This Colt 1849 Pocket revolver was born right at the outbreak of the Civil War around the middle of 1861. With war clouds on the horizon following President Lincoln's election in late 1860, Colt enjoyed strong sales to southern states from the end of 1860 through April 1861. At the time, there was an acute need for arms of all types and Colt 1849's were one of the most commonly purchased handguns for soldiers marching off to war. Most 1849's were used in a backup role for personal protection and probably as a source of extra firepower during battles. Over the years, we've seen countless photographs of soldiers with these Colts proudly displayed by soldiers who fought in the War and it's clear this was the weapon of choice for combatants on both sides. In the year leading up to the War, it's believed that Sam Colt changed the company address on the barrels of his revolvers from New York City to the factory address in Hartford as a gesture towards his clients in the South...many of whom were not fond of NYC's pro-abolition sympathies. When war broke out in April 1861, Colt quickly shifted his sales towards the Union and promptly changed the barrel addresses back to the original New York marking. That's not to say that some of those first New York guns didn't ship South...some did. Over the years, I've heard Confederate collectors say that only guns with Hartford addresses went South. However, that's not entirely true. A few years ago, we sold a full-fluted 1860 Army revolver with a New York barrel address that lettered as shipping to New Orleans on April 9, 1861. Here's the link:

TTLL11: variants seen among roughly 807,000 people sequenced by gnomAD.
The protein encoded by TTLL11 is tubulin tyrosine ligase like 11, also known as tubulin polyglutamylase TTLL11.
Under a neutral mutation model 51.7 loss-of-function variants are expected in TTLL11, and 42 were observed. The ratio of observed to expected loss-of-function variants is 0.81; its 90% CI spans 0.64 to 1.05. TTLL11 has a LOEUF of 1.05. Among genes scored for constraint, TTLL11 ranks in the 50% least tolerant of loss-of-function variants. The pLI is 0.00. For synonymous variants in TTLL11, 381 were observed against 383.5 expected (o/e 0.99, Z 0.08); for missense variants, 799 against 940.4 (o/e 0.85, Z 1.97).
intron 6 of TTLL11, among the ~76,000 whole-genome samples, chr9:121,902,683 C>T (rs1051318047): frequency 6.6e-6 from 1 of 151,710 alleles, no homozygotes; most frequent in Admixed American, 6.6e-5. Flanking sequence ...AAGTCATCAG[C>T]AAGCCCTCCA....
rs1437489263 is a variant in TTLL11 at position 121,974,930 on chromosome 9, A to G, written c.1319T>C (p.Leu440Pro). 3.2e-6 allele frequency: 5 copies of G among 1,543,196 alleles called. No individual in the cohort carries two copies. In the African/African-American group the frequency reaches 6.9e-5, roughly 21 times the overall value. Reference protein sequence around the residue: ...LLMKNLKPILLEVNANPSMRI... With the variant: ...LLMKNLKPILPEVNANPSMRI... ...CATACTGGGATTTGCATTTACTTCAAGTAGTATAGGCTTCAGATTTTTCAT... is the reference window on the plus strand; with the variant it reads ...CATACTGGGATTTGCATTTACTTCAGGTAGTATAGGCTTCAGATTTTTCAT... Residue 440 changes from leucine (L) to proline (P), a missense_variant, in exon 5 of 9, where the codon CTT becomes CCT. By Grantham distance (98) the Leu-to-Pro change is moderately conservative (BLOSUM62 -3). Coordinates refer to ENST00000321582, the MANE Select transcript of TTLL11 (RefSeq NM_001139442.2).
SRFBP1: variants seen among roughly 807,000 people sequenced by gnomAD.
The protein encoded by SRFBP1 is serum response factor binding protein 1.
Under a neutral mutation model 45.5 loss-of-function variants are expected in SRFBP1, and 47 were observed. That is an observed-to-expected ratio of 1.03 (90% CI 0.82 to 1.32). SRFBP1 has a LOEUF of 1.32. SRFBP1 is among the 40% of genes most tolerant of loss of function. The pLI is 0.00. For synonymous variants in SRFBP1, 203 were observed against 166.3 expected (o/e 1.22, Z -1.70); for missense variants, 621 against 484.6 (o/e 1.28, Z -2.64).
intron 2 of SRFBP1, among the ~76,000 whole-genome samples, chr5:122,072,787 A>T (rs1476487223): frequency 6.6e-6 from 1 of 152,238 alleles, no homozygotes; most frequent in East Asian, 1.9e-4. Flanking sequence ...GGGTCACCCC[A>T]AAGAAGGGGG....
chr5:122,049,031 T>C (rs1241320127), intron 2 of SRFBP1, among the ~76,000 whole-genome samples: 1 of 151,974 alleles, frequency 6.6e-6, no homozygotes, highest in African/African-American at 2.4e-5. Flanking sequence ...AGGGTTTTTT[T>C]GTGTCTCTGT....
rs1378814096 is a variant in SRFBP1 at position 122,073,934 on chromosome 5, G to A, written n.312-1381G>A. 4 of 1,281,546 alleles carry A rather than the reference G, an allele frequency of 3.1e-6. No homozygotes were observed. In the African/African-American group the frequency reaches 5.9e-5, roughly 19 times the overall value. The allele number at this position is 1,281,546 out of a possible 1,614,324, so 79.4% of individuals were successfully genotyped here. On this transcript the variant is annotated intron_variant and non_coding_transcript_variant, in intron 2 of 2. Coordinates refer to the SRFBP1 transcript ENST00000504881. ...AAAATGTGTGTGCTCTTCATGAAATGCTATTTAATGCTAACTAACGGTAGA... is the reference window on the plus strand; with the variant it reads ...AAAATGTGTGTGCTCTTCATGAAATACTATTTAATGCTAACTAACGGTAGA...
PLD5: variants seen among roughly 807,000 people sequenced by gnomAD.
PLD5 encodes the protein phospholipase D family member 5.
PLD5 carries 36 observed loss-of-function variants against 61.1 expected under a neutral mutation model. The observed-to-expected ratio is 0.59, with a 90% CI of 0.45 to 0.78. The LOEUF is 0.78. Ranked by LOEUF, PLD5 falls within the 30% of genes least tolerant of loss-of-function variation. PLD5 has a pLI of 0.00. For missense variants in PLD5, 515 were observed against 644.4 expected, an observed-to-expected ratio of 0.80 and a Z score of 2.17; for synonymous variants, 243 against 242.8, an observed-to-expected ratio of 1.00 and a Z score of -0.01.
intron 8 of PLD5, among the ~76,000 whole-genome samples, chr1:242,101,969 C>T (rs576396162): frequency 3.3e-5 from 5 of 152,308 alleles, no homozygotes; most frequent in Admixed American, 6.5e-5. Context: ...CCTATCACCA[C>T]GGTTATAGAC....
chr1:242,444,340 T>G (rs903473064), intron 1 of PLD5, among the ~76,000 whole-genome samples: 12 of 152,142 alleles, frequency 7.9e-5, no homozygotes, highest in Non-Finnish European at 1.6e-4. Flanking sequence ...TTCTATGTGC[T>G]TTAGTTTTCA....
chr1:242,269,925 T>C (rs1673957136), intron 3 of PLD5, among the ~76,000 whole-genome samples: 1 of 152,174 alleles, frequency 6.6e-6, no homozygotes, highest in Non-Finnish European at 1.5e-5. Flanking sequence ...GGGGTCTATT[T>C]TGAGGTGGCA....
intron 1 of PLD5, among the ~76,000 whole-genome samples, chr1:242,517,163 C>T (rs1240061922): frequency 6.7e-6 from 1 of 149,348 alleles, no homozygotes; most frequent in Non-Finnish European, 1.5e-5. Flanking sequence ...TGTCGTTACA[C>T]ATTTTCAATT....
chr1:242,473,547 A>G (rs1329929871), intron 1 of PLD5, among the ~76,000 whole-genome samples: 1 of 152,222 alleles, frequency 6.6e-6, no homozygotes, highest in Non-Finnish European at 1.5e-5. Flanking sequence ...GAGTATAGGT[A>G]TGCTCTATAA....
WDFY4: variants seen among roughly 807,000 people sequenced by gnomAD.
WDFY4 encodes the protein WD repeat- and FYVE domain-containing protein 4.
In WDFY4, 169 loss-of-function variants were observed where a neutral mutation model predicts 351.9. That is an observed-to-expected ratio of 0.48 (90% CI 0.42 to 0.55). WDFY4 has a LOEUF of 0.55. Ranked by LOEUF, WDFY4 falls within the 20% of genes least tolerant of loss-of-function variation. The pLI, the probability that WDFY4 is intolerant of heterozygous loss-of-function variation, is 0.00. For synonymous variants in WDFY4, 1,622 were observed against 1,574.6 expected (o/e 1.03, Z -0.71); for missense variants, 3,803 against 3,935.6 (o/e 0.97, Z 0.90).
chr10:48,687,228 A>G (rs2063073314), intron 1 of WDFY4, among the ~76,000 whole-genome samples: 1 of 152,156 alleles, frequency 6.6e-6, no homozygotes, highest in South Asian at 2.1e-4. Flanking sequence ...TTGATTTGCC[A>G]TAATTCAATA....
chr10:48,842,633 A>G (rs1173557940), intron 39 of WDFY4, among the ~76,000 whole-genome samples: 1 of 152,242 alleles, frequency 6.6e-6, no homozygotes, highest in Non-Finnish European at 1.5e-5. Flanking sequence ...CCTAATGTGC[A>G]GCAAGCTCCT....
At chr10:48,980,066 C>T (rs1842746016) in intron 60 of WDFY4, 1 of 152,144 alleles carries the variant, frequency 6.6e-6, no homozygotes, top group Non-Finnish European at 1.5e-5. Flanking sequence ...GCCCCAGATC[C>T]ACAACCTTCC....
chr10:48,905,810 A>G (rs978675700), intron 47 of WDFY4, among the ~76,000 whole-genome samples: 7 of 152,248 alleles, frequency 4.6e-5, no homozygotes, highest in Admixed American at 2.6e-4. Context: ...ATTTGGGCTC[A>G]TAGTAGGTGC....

This particular gun is similar to that full-fluted 1860 Army. It was also made around mid-1861 and has the newly changed New York barrel address with a 4" barrel with a 6-shot cylinder. The serial number is in the 190,000 range which is towards the middle of production for that year and could have easily been shipped South or stayed in the North. It has 100% matching numbers...right down to the arbor pin and barrel wedge. We didn't stop there...we even checked underneath the grips to find it had matching numbers as well. See photos. Left side of the frame is marked "COLT'S PATENT" while the top of the barrel reads in one line "ADDRESS COL SAML COLT NEW-YORK U.S AMERICA."
Overall, NRA Antique Very Good+ condition. The brass trigger guard and backstrap still retain 70% of their original silver plating. Frame and loading lever still show approximately 30% faded case colors with the balance turned to a smoky gray patina. Barrel and cylinder have turned to mostly a gray patina. Cylinder has 85% of the stage-coach robbery hold-up scene intact. No safety pins remain upright on the back of the cylinder. Barrel to frame is still tight. Good mechanics. Very good bore. Excellent grips retain 95% original varnish with perfect fit to the metal straps and no chips, cracks, or repairs. Just a nice example of a mid-1861 production Colt that could have shipped North or South.